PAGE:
An invitation to the big kids’ table . . . When should organizations start including millennials on their Board of Directors?


Stewarding, vetting, and onboarding members of a nonprofit organization’s Board of Directors (BoD) is an art. Getting the right people into the room, at the right time in the organization’s trajectory as well as at right time in a person’s personal and professional life can be “game changing” for an organization.

Many of the BoDs of legacy organizations, as well as some of the more innovative engagement organizations, fall into the same model when attempting to engage young leaders at higher levels of leadership. They have one representative sit on “the big board” as the voice of the generation. For example, the Chair of a Young Leadership Division will be the only person on the “big board” under 45.

But is one millennial voice enough? Does one voice per board really represent “the largest segment of the U.S. labor market, [34%][1]?”  

Think back to Thanksgiving. The turkey, the stuffing, the football, the time spent with family, the time spent with friends complaining about the time spent with family. . .   The table at a Thanksgiving meal could be viewed as a microcosm of nonprofit organizations and their respective board member make-up: multi-generational, diverse interests and passions, varying levels of comfort with technology and social media, and conflicting opinions when it comes to politics, social justice, and changing the world. In the dining room, most of the time, has two tables: the adult table and the kid’s table. And it’s an exciting time in a person’s life when they realize they’ve officially been transferred from the kid’s table to the “adult table.”  But why be separate? Doesn’t the most learning and change happen when people with differing ideas come together to converse, argue, grapple and compromise?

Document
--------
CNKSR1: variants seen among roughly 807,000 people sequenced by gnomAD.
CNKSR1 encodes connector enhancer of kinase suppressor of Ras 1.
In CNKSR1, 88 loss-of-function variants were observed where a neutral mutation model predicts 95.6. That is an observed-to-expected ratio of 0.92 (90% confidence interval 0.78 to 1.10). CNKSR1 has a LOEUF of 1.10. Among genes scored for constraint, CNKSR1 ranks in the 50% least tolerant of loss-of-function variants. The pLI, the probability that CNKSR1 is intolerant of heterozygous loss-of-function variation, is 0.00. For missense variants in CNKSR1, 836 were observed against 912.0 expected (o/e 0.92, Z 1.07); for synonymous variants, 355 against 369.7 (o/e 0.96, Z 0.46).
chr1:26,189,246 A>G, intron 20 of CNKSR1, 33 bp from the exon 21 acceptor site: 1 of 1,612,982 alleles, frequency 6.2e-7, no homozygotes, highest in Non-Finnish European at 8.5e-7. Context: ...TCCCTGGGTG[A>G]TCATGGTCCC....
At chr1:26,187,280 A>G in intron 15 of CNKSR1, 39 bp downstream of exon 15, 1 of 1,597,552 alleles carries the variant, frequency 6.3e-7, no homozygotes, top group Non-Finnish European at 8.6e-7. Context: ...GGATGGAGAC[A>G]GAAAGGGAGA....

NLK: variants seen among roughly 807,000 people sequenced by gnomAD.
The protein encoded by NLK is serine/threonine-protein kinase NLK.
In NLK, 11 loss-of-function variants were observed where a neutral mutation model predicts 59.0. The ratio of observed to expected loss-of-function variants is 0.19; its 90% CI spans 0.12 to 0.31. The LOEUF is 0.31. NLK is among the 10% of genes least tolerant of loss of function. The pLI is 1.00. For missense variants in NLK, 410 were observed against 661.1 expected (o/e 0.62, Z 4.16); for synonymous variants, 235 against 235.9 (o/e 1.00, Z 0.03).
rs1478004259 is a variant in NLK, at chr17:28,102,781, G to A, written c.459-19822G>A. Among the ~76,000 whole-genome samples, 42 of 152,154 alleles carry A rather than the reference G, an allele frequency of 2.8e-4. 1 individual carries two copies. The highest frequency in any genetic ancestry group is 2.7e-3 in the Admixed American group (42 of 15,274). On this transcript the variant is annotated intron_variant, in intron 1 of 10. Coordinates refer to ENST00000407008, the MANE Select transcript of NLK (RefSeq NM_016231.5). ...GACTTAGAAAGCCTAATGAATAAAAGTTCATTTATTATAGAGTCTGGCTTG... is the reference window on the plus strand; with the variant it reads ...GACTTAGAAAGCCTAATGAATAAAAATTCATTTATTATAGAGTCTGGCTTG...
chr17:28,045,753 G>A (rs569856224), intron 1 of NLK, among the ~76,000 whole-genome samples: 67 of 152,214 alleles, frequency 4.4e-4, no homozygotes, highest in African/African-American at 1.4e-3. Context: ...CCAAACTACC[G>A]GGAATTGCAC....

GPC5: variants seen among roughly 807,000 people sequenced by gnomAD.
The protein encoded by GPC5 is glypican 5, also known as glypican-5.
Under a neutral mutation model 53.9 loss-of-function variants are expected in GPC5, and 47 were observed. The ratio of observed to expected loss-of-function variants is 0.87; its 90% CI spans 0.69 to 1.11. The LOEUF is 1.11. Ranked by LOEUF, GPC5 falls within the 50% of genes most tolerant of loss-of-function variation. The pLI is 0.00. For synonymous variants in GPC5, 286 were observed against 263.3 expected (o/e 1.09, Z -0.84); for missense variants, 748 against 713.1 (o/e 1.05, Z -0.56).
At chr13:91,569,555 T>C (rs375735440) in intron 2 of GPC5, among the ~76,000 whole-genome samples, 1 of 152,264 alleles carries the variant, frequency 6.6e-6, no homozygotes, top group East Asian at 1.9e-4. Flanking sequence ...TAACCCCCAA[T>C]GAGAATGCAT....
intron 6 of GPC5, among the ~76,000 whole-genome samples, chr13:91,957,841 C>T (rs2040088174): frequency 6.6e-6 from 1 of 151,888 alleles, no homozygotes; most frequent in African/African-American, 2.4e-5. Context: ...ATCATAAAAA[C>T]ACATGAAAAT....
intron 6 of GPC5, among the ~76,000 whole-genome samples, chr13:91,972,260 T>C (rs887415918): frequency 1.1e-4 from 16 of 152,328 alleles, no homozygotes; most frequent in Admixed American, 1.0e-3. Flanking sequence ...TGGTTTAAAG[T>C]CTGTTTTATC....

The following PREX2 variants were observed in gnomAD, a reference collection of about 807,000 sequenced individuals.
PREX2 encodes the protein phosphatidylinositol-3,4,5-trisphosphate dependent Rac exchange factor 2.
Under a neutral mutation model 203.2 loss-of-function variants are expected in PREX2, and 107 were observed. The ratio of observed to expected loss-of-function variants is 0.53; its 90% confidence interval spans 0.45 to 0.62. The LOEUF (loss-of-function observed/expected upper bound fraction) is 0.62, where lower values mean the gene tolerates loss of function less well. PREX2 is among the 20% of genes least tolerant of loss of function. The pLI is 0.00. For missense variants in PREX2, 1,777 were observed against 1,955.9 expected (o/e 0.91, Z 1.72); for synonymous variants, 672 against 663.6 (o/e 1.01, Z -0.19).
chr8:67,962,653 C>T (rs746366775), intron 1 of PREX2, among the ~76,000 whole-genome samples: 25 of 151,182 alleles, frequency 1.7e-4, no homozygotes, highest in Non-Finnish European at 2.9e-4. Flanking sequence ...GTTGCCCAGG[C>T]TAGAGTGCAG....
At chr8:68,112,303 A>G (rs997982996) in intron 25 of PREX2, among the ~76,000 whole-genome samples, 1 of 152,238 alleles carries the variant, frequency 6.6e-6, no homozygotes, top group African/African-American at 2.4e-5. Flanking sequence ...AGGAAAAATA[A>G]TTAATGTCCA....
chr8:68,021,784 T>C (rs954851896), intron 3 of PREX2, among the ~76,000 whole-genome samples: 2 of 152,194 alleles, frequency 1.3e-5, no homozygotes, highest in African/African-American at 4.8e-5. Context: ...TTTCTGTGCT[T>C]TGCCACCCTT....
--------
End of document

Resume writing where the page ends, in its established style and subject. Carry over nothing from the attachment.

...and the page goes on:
What if we all sat at one big table? What if we didn’t limit the “kid” voice to one or two but actually had real representative demographic percentage on the board; especially when one of the biggest issues to tackle is engagement of “next gen.” Of course, the voice of seasoned lay leaders and board members is valuable beyond belief; they have the long-term experience, the institutional knowledge, the deep-seeded personal and professional connections, and the hindsight, etc. That doesn’t mean that the Next Gen voice should be minimized.

It has been found that: “boards with larger portions of members younger than . . .  40 were more likely to enjoy board member involvement, particularly in fundraising where . . . [they] were more likely to ask others for donations, have clear fundraising expectations, and provide more potential contacts[2].” If given the opportunity, the Next Gen will come. And they will bring the fun and the funds.

How can the next generation of leaders, those who are “catalyzing progress in nearly every industry – technology, the arts, science, and business,[3]” be groomed for the line of Board Chair succession if we don’t listen to their voices until they’ve aged out of the demographic that needs engaging most?  

Here’s a challenge for the Philanthropic market - encourage existing Board Members to invite Next Gen-ers to the “adult table.” Learn with them, innovate with them, and make an impact with them.

Here’s a challenge for the Next Gen Philanthropists who feel perpetually shunned to the “kid’s table”- position yourselves for the responsibilities of stewarding and governing nonprofit organizations. Own what you don’t know, and then look for the tools, skills, and knowledge to find it. Seek out mentors and trainings, like those provided by the Board Member Institute for Jewish Nonprofits.  And be patient, culture change takes time, but nonprofits are moving in the right direction.

One big table with seasoned lay leaders and the next generation of lay leaders, sitting together, will position Board of Directors to be more effective fundraisers, governors, and advocates of their nonprofit organizations. A generationally diverse Board of Directors enables organizations to create meaningful impact and systemic change within their community.

[1] Rueven, S., & Rhodes, S. (2018, October 09). Home. Retrieved from

[2] Segdin, A. (2018, February 20). Nonprofit Boards Don't Resemble Rest of America. Retrieved from

[3] Rueven, S., & Rhodes, S. (2018, October 09). Home. Retrieved from